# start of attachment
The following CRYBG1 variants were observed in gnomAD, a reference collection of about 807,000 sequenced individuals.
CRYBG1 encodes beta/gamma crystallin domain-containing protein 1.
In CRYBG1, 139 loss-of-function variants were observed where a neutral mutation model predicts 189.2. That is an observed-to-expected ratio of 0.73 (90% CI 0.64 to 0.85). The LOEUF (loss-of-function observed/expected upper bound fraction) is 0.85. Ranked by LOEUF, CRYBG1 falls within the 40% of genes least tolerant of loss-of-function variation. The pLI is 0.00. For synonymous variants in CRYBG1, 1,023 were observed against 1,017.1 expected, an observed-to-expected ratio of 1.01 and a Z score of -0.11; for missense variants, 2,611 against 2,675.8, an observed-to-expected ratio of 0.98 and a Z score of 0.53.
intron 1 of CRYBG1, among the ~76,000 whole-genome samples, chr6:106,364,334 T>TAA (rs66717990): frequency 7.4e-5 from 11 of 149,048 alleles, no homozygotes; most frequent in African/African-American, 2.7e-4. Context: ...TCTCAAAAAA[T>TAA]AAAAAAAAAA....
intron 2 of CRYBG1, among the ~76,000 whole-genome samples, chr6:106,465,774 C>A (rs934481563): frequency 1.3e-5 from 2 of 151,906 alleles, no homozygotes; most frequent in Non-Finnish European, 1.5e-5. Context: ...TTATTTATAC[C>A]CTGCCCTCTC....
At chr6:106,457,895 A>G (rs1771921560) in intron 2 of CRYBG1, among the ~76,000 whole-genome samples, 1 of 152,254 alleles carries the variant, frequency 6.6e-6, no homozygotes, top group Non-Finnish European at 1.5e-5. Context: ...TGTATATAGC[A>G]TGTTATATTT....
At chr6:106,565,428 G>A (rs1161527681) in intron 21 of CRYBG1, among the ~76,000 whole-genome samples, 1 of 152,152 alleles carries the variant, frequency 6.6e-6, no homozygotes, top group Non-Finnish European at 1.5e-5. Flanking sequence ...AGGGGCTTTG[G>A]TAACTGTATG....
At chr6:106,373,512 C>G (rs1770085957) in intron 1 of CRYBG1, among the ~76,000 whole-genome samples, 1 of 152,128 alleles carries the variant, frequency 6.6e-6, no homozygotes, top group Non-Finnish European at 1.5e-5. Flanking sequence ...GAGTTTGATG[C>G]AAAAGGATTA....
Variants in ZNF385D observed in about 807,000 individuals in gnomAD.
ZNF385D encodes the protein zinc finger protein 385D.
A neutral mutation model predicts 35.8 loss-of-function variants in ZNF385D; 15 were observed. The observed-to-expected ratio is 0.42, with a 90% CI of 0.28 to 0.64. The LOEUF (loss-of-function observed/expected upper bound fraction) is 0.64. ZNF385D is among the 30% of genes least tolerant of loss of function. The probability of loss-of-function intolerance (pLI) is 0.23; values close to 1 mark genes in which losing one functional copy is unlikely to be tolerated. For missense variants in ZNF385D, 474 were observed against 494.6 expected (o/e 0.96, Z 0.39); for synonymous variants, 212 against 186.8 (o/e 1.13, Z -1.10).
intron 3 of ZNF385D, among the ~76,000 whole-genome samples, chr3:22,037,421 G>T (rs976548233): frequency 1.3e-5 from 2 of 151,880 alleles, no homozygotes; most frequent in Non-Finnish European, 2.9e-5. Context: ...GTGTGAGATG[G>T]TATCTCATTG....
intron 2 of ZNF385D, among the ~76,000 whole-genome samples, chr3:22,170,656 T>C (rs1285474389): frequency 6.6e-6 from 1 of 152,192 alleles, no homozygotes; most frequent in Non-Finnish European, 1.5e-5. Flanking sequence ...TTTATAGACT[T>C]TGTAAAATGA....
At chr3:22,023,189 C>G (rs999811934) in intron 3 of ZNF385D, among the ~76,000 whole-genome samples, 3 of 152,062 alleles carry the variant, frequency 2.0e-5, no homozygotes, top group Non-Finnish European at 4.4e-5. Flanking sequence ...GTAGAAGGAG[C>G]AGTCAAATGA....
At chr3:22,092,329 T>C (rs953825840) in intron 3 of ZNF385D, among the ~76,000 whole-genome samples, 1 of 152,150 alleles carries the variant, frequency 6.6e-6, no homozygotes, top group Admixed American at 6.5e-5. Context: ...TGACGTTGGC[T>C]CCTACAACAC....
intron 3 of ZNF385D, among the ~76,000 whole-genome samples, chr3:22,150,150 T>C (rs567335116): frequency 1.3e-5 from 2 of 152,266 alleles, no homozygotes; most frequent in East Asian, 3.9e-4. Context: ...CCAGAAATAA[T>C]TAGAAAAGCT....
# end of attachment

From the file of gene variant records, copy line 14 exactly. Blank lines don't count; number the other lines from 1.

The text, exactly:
At chr3:22,023,189 C>G (rs999811934) in intron 3 of ZNF385D, among the ~76,000 whole-genome samples, 3 of 152,062 alleles carry the variant, frequency 2.0e-5, no homozygotes, top group Non-Finnish European at 4.4e-5. Flanking sequence ...GTAGAAGGAG[C>G]AGTCAAATGA....